I'd strike up a mellow conversation about your day. Then the perks of our product. What's your number? I'll send it to you in the mail. And then the no. And another 2 hours of silence until finally someone let me talk to them for a minute or two.
From hours of spectacle and voices overflowing to the hours where it seemed as if everybody was having a siesta. Empty halls and the sound of the air condition and sliding doors, shaking pipes and beeps from the registers. A sale seemed like a far fetched dream, a fool's hope that made me cringe of the idea that I would have to put up a fight with the next person walking in.
I don't like fighting, and to be perfectly honest I don't like it when people don't like me. Not in a Regina George "everybody likes me" way, but in a Robert Downey Jr "people have good reason to like me" kind of way. Narcissistic, I know, but I never aim for popularity or fame. Only appreciation and respect. Being under the radar fits me quite well, and jumping out from it and saying "surprise, I'm alive and can do stuff!" when people least expect it is even more fun. So knowing that a fair few people might say their NO's and think "god, what an irritating human being" makes me kind of sad. Unfortunately, as a salesperson you rarely get a good reputation - and as a pro, you don't really care about it. But I always did.
Which leads me to my final lesson - I'm not meant to be a salesperson, unless it's in front of a computer or in a room with people who are actually interested in me.
Let me be clear - I don't regret working as a promoter. Besides all the NOs I got to meet a lot of nice customers too, as well as work with some really nice people that has helped me from being totally useless as a salesperson to someone who now knows the tricks of the business.
But some of the NOs, especially the rude oness stuck with me after work was done.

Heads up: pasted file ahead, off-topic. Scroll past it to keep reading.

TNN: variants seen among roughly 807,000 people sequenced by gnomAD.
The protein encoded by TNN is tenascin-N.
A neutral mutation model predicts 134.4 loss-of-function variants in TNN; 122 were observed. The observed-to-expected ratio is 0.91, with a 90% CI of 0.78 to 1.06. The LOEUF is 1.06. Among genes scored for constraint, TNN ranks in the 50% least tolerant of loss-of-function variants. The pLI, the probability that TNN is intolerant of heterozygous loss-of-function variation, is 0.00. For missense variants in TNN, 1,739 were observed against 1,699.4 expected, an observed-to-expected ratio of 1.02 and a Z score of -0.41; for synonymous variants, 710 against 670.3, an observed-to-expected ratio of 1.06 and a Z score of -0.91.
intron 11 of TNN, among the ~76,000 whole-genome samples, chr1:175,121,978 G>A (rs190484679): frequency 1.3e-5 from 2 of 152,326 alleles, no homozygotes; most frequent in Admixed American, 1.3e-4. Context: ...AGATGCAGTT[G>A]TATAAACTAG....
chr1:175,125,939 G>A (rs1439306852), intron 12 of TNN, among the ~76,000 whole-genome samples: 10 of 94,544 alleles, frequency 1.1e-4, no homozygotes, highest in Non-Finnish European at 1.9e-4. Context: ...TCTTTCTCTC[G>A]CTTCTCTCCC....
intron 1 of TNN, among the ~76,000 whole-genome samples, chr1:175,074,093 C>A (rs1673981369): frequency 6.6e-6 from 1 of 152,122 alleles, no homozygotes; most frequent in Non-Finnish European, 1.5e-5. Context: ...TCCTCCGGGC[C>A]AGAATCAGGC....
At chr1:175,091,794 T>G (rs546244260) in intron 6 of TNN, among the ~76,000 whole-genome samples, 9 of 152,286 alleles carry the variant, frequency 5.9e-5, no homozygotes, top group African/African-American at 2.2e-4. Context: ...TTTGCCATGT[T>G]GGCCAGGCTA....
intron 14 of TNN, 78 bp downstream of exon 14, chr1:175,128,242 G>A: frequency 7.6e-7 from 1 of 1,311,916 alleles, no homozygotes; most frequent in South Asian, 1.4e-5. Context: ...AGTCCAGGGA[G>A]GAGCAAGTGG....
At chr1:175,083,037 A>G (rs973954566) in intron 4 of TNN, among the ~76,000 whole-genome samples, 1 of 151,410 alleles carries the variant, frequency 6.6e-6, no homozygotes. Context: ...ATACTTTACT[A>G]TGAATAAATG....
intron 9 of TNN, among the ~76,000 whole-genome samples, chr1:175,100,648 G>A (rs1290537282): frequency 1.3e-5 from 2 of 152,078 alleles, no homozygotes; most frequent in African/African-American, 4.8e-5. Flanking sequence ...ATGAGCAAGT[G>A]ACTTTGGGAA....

So dear reader, please remember that sellers are all not the same. Not all of them are rude or in your face. Fewer of them try to trick you into buying stuff. Truth be told, the reason most of these people are on the street is to give you something awesome through a campaign which most likely will give you a perk or two. Plus, they are people, and it's nice to get to know people, right?
"Hell no, not from YOU people!"
"Go fuck yourself!"
"Kiss my ass!"
"I'm not gonna give my money, you're just trying to trick me!"
"Ugh, I don't have time for your nonsense"
" You can go eat a watermelon!"
That last one made me chuckle . The others not so much. Being rude to sellers is understandable, but unnecessary. As a seller knows that some people might have a bad day, you should know that a seller could be having one too, and as they (rarely) push or curse at you even if they might feel like it, you shouldn't do the same.
Saying no is fine, but a thank you and a smile next to it is even better. So the next time a seller approach you, simply nod and say no thank you, and know that you made their day at least a little bit better.
Oh, and regarding my conversation with the Ylvis brother - The Fox says no.